A record $215 billion state budget approved Thursday by majorities in the Assembly and Senate is “fiscally responsible” and meets “crucial needs” to address homelessness and strengthen social services, two Riverside County lawmakers said, while others denounced the spending blueprint as a wallet-busting plan that will grow state government and fund giveaways to undocumented immigrants.
“Legislative Democrats are more than willing to continue spending other people’s money while having little to no success to point to,” Assemblywoman Melissa Melendez, R-Lake Elsinore, said. “This year’s budget proposes spending $650 million on `fighting’ homelessness for the entire state, the bulk of that money likely destined for cities like Los Angeles, which failed miserably at its last attempt. No Californian should expect that the state will do a better job, because the Democrat majority party has shown they’re incompetent at problem solving.”
With between 120,000 and 130,000 homeless statewide, California is believed to have the largest population of dispossessed people in the country, according to Melendez.
She criticized the “healthcare for all” component of the budget, which re-institutes an individual health insurance mandate that Congress stripped out of Obamacare two years ago. California residents without health insurance coverage will face an annual penalty of $695.
“But we are giving health insurance away for free to illegal aliens,” Melendez said.
Under the budget deal, which Gov. Gavin Newsom must still sign into law by June 30, undocumented immigrants 18 to 26 years old will be eligible for taxpayer-subsidized health insurance. Those younger than 18 were already eligible.
The plan also provides nearly $1.5 billion in health insurance subsidies for low and middle income residents.
Assemblyman Jose Medina, D-Moreno Valley, joined Assemblyman Eduardo Garcia, D-Indio, in expressing pride in the appropriations plan.
“It is a fiscally responsible budget, with $19.4 billion in reserves for future rainy days,” Medina said. “It includes investments in education, combating homelessness and social services. As chair of the Assembly Committee on Higher Education, I am also pleased to see nearly $52 million being put towards addressing student hunger and homelessness across the (Cal State and University of California) systems, along with $49 million to increase resident undergraduate enrollment at the UC.”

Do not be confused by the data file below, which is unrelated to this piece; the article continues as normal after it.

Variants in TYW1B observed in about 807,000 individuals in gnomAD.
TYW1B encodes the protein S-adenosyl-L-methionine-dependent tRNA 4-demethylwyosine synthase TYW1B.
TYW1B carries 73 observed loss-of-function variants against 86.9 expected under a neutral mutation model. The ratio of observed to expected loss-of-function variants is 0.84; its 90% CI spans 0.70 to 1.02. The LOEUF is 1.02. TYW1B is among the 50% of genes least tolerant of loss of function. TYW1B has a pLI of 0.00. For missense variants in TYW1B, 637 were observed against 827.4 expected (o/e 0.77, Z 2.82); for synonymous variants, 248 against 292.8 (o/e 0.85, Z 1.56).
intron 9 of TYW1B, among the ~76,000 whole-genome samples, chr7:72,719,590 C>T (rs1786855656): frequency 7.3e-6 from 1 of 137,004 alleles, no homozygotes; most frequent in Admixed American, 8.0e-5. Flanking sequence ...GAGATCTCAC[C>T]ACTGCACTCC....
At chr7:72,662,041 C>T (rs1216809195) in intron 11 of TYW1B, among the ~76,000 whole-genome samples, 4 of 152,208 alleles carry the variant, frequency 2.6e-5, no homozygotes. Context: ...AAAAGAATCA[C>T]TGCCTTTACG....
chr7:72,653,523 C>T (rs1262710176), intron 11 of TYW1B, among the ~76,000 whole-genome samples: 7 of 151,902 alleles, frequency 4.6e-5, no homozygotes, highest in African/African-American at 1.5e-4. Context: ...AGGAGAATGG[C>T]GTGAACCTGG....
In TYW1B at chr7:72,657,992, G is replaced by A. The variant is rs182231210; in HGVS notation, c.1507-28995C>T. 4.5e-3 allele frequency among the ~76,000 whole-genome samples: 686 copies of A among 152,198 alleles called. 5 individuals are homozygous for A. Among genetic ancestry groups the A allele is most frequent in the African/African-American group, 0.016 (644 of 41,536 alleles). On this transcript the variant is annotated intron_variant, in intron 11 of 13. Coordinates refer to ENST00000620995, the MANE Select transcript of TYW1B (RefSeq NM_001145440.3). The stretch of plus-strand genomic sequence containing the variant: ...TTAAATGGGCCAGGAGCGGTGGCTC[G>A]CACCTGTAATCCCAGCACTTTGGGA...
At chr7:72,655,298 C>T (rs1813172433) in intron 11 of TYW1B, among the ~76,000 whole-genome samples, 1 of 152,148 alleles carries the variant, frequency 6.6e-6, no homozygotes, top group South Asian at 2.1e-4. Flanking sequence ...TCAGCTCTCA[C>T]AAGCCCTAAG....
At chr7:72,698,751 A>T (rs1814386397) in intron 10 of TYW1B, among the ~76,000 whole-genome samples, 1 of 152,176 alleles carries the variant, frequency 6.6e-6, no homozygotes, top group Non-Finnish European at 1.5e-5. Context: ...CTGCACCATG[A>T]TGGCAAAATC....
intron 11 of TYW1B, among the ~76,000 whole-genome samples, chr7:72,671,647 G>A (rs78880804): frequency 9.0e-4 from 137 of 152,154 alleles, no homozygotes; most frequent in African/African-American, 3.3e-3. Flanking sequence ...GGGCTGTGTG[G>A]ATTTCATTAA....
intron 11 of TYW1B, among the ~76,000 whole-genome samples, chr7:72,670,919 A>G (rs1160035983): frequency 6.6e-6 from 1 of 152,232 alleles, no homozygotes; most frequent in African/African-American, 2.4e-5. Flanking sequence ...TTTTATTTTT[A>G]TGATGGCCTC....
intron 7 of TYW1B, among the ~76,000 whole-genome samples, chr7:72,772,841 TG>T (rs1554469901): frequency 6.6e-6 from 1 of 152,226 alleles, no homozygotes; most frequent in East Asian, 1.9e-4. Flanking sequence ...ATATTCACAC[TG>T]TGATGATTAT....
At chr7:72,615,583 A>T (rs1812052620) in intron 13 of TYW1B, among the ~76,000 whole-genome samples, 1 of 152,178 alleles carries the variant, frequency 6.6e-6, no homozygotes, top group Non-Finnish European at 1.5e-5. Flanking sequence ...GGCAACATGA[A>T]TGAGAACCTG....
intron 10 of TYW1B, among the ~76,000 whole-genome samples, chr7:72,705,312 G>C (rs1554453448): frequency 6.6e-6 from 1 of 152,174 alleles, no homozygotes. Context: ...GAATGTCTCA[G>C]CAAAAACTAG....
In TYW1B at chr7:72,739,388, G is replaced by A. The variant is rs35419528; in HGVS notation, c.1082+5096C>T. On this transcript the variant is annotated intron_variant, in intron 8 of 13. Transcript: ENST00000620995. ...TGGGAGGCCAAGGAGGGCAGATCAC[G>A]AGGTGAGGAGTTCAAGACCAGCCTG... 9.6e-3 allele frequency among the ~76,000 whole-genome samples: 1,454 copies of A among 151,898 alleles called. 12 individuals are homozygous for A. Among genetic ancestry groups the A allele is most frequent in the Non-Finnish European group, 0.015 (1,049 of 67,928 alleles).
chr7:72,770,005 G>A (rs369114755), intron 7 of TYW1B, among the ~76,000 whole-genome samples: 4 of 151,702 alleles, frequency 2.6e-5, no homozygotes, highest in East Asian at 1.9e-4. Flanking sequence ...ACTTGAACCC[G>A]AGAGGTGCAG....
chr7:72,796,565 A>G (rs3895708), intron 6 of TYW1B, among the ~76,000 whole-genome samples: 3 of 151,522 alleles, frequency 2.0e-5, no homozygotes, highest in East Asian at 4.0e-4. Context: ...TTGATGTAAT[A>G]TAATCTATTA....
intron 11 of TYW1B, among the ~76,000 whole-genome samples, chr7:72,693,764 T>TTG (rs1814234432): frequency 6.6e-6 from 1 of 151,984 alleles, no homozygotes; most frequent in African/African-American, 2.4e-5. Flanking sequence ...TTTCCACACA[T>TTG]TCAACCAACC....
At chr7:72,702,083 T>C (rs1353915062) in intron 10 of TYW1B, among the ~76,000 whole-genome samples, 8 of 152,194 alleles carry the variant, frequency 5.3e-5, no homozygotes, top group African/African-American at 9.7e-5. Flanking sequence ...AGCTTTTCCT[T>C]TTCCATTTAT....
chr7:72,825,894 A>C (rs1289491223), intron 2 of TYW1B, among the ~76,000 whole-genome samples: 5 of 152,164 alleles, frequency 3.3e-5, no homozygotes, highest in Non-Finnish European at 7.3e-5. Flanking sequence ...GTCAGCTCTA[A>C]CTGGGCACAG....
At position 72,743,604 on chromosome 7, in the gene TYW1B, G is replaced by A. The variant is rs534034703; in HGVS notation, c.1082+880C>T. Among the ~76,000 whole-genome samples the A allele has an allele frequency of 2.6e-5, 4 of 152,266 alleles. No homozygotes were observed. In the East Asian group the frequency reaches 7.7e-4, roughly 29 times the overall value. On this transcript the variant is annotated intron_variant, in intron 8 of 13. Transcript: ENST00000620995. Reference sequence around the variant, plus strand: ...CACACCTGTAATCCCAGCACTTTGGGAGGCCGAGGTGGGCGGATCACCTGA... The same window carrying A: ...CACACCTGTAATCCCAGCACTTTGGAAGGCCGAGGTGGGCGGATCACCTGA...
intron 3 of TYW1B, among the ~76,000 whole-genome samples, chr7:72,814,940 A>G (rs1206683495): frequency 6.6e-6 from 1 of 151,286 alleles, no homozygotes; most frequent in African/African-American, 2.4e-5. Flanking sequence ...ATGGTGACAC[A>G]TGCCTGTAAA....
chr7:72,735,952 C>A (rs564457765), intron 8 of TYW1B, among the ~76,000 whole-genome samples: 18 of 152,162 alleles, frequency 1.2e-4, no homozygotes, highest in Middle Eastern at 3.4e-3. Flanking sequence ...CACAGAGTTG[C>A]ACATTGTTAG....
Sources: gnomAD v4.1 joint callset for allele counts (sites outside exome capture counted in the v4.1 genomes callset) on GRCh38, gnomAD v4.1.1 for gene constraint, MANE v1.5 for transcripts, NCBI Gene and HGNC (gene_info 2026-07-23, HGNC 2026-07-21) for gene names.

Garcia said the budget “is reflective of our state’s core values and most crucial needs.”
“It makes landmark investments in our families, educational systems and housing,” the legislator said. “We have come together to uphold our commitment to the health of the over one million Californians without safe, reliable drinking water. The establishment of an equitable and sustainable drinking water fund was my number one priority this year.”
The budget proposes a new 80-cent per month tax on phones to fund 911 modernization, and there is a proposed eight-week expansion of the state family leave law, giving parents up to four months to care for a newborn or adopted child without fear of losing their job.
“Have you had enough? Despite a record-setting $215 billion budget, including a $22 billion surplus, the governor and legislative Democrats still want more of our money,” said Sen. Mike Morrell, R-Menifee. “Over the next two years, businesses will pay $3 billion in new taxes. Consumers will be charged $1 billion over three years in health penalty taxes. These increases come on top of the six-cents-per-gallon increase set to hit gas prices on July 1. The next generation cannot afford for the state to increase financial burdens on them.”
The additional imposition at the pump results from a 2010 tax realignment under which excise taxes are adjusted annually. By one estimate, the state will siphon $850 million out of motorists’ wallets from this one tax in the next fiscal year.
Sen. Jeff Stone, R-La Quinta, judged the budget “morally wrong” from several perspectives.
The senator found it inconceivable that nearly 11,000 homeless veterans cannot get the help they need to get off the streets, but the “Legislature is ready to give nearly $100 million in free healthcare to those in the country illegally.”
“Government’s first priority is public safety,” he said. “Its next priority is to help those citizens who can’t help themselves. My concern about this budget is that it rewards those who are here illegally and punishes those who have played by the rules and still can’t seem to get any relief.”
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